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Violence at Noon (1966)
"Hakuchû no tôrima" (original title)

 -  Drama  -  15 July 1966 (Japan)
7.2
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Ratings: 7.2/10 from 466 users  
Reviews: 6 user | 19 critic

Hakuchu no Torima" is the portrayal of a violent rapist as seen through the recollections of his wife and one of his victims. As the film starts, Eisuke (Kei Sato) encounters Shino (Saeda ... See full summary »

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Title: Violence at Noon (1966)

Violence at Noon (1966) on IMDb 7.2/10

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Cast

Credited cast:
Hideo Kanze ...
Inagaki, husband of the raped woman
Hideko Kawaguchi ...
Matsuko's mother
Saeda Kawaguchi ...
Shino Shinozaki
Narumi Kayashima ...
Jinbo, teacher
Teruko Kishi ...
Shino's grandmother
Hôsei Komatsu ...
Shino's father
Akiko Koyama ...
Matsuko Koura, wife of Eisuke, teacher
Kei Satô ...
Eisuke Oyamada
Ryôko Takahara ...
Raped woman
Taiji Tonoyama ...
School director
Rokko Toura ...
Genji Hyuga
Fumio Watanabe ...
Inspector Haraguchi
Sen Yano ...
Mayor
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Storyline

Hakuchu no Torima" is the portrayal of a violent rapist as seen through the recollections of his wife and one of his victims. As the film starts, Eisuke (Kei Sato) encounters Shino (Saeda Kawaguchi), who works as a maid in a house. She is a former coworker from a failed collective farm, whose life he once saved -- only to rape her. Soon, Eisuke's criminal pattern of rapes and murders emerges as he goes on assaulting women (Shino being the witness of one of them, as Eisuke tries to violate her employer). When cooperating with the police on making a description of the rapist, Shino withholds her crucial knowledge of his identity. She prefers writing letters to Eisuke's dutiful wife, Matsuko, a schoolteacher (Akiko Koyama -- Mrs Oshima), in order to expose his true nature and perhaps induce her into turning Eisuke over to the police. Written by miclea daniel

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Drama

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Release Date:

15 July 1966 (Japan)  »

Also Known As:

Violence at Noon  »

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2.35 : 1
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Trivia

The movie is made up of 1,508 takes. The average shot length is 4.5 seconds. See more »

Connections

References Twenty-Four Eyes (1954) See more »

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User Reviews

 
In the realm of a rapist
31 July 2009 | by (Lille, France) – See all my reviews

First of all, let me correct a wrong statement which you can find in one of the two other reviews on this film: no, Oshima never attended a film school in France, although he was clearly influenced by the French New Wave and eventually shot a film in Paris in the 1980s ("Max my Love"). Now, to see some influence from Resnais' "Marienbad" and "Muriel" in this film is quite right: the lightning-paced editing, jump cuts, elliptical narrative and numerous flashbacks turn this work into a rather challenging one for the viewer, while it presents an interesting reflection on haunted memory (another common point with Resnais).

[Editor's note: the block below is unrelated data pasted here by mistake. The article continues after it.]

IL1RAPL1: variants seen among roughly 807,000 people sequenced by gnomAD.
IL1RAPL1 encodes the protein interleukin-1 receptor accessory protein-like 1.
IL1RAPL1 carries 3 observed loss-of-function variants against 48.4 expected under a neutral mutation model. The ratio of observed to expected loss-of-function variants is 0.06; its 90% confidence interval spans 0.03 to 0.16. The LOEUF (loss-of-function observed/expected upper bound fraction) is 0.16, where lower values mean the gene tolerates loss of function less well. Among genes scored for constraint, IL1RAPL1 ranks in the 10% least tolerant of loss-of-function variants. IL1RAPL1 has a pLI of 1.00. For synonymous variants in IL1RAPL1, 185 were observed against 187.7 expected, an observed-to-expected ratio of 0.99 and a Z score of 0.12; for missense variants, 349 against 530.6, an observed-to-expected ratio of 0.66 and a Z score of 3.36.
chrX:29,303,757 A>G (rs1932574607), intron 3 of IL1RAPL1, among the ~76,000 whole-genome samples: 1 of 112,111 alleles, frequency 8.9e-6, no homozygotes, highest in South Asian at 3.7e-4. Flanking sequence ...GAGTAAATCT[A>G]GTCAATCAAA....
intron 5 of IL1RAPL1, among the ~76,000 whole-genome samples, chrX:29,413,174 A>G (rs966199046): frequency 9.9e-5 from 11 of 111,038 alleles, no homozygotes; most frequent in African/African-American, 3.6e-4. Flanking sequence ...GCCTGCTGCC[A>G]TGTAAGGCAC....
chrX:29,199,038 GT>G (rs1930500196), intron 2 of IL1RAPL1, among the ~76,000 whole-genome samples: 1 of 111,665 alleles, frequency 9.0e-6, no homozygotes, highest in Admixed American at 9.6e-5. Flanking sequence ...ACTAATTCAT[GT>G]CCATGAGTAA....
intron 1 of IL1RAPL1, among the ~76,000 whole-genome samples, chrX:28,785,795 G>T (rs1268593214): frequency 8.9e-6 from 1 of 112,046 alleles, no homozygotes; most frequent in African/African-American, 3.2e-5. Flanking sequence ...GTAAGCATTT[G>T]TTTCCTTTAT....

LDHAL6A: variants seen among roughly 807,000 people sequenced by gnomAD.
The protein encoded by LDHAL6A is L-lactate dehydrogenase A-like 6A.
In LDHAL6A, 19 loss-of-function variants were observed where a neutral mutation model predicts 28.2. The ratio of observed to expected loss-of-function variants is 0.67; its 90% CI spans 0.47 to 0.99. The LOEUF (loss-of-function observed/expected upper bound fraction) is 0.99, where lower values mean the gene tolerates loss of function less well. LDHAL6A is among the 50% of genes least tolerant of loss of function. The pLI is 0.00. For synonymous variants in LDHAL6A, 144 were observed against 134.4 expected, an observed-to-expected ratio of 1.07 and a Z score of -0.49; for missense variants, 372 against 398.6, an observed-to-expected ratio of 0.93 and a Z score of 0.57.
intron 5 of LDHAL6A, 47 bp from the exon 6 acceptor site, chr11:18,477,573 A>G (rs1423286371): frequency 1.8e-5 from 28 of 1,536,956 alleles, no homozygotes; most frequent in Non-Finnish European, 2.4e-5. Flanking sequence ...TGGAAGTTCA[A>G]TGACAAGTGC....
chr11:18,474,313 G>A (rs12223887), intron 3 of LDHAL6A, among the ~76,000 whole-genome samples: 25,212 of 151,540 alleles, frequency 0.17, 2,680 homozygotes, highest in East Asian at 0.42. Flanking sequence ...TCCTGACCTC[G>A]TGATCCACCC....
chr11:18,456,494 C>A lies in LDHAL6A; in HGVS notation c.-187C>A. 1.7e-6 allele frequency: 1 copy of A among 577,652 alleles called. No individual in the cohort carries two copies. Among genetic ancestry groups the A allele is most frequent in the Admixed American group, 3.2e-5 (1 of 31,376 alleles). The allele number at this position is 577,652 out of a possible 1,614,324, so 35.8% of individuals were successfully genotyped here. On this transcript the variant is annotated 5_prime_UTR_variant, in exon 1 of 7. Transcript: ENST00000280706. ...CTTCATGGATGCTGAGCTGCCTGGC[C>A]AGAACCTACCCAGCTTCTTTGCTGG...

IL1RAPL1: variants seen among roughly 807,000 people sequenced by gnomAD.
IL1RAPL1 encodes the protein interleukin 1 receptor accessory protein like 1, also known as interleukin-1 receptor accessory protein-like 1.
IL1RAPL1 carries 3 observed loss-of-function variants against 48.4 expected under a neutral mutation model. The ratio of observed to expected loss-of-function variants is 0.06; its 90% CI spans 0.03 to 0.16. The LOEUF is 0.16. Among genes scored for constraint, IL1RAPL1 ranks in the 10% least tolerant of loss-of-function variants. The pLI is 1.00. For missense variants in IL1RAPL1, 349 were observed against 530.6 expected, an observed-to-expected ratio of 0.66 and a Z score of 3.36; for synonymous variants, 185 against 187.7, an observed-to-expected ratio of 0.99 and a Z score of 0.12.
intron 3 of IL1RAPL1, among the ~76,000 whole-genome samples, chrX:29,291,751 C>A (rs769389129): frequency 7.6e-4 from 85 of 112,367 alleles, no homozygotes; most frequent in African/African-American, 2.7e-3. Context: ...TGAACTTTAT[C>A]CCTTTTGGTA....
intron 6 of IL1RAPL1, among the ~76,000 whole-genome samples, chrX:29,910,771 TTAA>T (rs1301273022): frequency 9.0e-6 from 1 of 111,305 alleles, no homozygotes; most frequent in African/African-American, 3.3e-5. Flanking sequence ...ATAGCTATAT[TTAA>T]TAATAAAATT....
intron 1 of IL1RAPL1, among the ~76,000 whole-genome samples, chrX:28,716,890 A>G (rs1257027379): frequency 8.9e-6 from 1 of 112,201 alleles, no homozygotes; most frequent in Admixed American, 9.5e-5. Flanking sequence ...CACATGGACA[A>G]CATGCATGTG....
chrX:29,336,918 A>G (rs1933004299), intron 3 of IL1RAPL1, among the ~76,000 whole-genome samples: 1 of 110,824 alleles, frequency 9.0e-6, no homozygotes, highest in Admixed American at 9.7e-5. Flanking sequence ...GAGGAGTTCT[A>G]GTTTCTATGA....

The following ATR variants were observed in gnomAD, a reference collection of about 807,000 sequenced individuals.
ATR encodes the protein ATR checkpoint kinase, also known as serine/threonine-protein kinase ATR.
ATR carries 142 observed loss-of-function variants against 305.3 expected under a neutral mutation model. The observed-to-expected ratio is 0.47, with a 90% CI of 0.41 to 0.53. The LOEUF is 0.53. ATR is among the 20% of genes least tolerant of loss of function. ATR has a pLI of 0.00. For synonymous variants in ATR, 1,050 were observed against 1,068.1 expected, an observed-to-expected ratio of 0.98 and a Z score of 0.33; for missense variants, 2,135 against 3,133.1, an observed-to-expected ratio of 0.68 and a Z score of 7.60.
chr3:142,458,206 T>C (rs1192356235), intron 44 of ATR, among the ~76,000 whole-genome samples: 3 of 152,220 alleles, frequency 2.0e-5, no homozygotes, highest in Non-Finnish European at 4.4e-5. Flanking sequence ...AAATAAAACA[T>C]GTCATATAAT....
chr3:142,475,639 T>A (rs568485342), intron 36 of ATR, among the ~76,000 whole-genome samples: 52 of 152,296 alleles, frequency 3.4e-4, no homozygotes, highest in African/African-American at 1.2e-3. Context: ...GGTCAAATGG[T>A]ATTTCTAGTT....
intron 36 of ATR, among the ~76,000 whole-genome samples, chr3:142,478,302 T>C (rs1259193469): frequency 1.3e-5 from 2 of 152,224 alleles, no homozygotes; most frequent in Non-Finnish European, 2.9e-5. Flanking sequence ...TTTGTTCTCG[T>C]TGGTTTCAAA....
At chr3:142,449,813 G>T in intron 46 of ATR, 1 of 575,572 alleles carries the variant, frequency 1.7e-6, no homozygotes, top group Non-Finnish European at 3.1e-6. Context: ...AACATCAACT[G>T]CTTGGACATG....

No, as you may guess, this is not a "sit back and relax" film. To put things in a nutshell, "Hakuchu no Torima" is the portrayal of a violent rapist as seen through the recollections of his wife and one of his victims. As the film starts, Eisuke (played by a great Kei Sato) encounters Shino (Saeda Kawaguchi), who works as a maid in a house. She is a former coworker from a failed collective farm, whose life he once saved -- only to rape her. Soon, Eisuke's criminal pattern of rapes and murders emerges as he goes on assaulting women (Shino being the witness of one of them, as Eisuke tries to violate her employer). When cooperating with the police on making a description of the rapist, Shino withholds her crucial knowledge of his identity. She prefers writing letters to Eisuke's dutiful wife, Matsuko, a schoolteacher (Akiko Koyama -- Mrs Oshima), in order to expose his true nature and perhaps induce her into turning Eisuke over to the police. As the police investigation develops, Shino insinuates herself into the investigative process by following Inspector Haraguchi (Fumio Watanabe) as he pursues clues in an attempt to understand Eisuke's destructive impulses. Haraguchi is led to believe that Shino, as Eisuke's first victim, is the underlying cause for his violence. Flashbacks tell us about the complex circumstances behind Eisuke's rescue of Shino at the collective farm, revealing the dual image of Eisuke as both criminal and savior in the eyes of Shino, and explaining the inextricable bond between the criminal and his victim. Strangely enough, Shino and Matsuko will eventually unite their efforts to protect Eisuke from capture... or won't they?

Throughout the whole film, Oshima is more preoccupied by the relationship developing between Shino and Matsuko than by the rapist. The despair of both women is linked to that of Eisuke himself and to the failure of the socialist movement in postwar Japan (symbolized by the collapse of the collective farm, after which the true believers either committed suicide or turned to primitively destructive ways). Based on a true story (when Japan was terrorized by a man who raped and killed up to 30 women in 1957-58), shot in a stunning black and white (which makes this film look like no other film from Oshima), "Hakuchu no Torima" explores the themes of guilt and self-destruction, and shows how crime reflects the pathology of the society in which the criminal lives. A difficult yet beautiful and riveting film, for experienced viewers.


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